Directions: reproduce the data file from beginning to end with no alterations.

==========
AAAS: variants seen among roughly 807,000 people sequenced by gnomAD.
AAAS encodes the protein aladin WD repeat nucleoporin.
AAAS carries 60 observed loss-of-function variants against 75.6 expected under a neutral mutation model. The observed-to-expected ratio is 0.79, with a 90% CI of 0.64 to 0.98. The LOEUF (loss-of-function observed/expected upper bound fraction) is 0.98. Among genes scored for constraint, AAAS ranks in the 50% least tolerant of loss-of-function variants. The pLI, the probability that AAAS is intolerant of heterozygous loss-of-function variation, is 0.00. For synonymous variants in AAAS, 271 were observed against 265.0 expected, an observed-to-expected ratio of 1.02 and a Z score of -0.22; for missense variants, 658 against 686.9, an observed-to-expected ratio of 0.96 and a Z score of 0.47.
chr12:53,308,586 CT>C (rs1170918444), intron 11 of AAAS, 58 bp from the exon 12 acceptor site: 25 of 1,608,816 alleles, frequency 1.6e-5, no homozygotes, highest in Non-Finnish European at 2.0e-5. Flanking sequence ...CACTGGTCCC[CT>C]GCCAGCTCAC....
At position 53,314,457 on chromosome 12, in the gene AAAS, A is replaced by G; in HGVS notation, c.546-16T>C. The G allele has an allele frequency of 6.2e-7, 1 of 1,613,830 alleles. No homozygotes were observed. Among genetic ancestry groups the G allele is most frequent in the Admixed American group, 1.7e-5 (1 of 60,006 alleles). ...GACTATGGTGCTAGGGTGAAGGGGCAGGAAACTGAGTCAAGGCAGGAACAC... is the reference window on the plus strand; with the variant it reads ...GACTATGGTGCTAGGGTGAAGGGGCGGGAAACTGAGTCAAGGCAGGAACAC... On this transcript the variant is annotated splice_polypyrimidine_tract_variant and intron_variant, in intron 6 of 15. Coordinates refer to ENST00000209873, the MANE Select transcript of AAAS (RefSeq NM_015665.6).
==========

AAAS: variants seen among roughly 807,000 people sequenced by gnomAD.
AAAS encodes the protein aladin WD repeat nucleoporin.
AAAS carries 60 observed loss-of-function variants against 75.6 expected under a neutral mutation model. The observed-to-expected ratio is 0.79, with a 90% CI of 0.64 to 0.98. The LOEUF (loss-of-function observed/expected upper bound fraction) is 0.98. Among genes scored for constraint, AAAS ranks in the 50% least tolerant of loss-of-function variants. The pLI, the probability that AAAS is intolerant of heterozygous loss-of-function variation, is 0.00. For synonymous variants in AAAS, 271 were observed against 265.0 expected, an observed-to-expected ratio of 1.02 and a Z score of -0.22; for missense variants, 658 against 686.9, an observed-to-expected ratio of 0.96 and a Z score of 0.47.
chr12:53,308,586 CT>C (rs1170918444), intron 11 of AAAS, 58 bp from the exon 12 acceptor site: 25 of 1,608,816 alleles, frequency 1.6e-5, no homozygotes, highest in Non-Finnish European at 2.0e-5. Flanking sequence ...CACTGGTCCC[CT>C]GCCAGCTCAC....
At position 53,314,457 on chromosome 12, in the gene AAAS, A is replaced by G; in HGVS notation, c.546-16T>C. The G allele has an allele frequency of 6.2e-7, 1 of 1,613,830 alleles. No homozygotes were observed. Among genetic ancestry groups the G allele is most frequent in the Admixed American group, 1.7e-5 (1 of 60,006 alleles). ...GACTATGGTGCTAGGGTGAAGGGGCAGGAAACTGAGTCAAGGCAGGAACAC... is the reference window on the plus strand; with the variant it reads ...GACTATGGTGCTAGGGTGAAGGGGCGGGAAACTGAGTCAAGGCAGGAACAC... On this transcript the variant is annotated splice_polypyrimidine_tract_variant and intron_variant, in intron 6 of 15. Coordinates refer to ENST00000209873, the MANE Select transcript of AAAS (RefSeq NM_015665.6).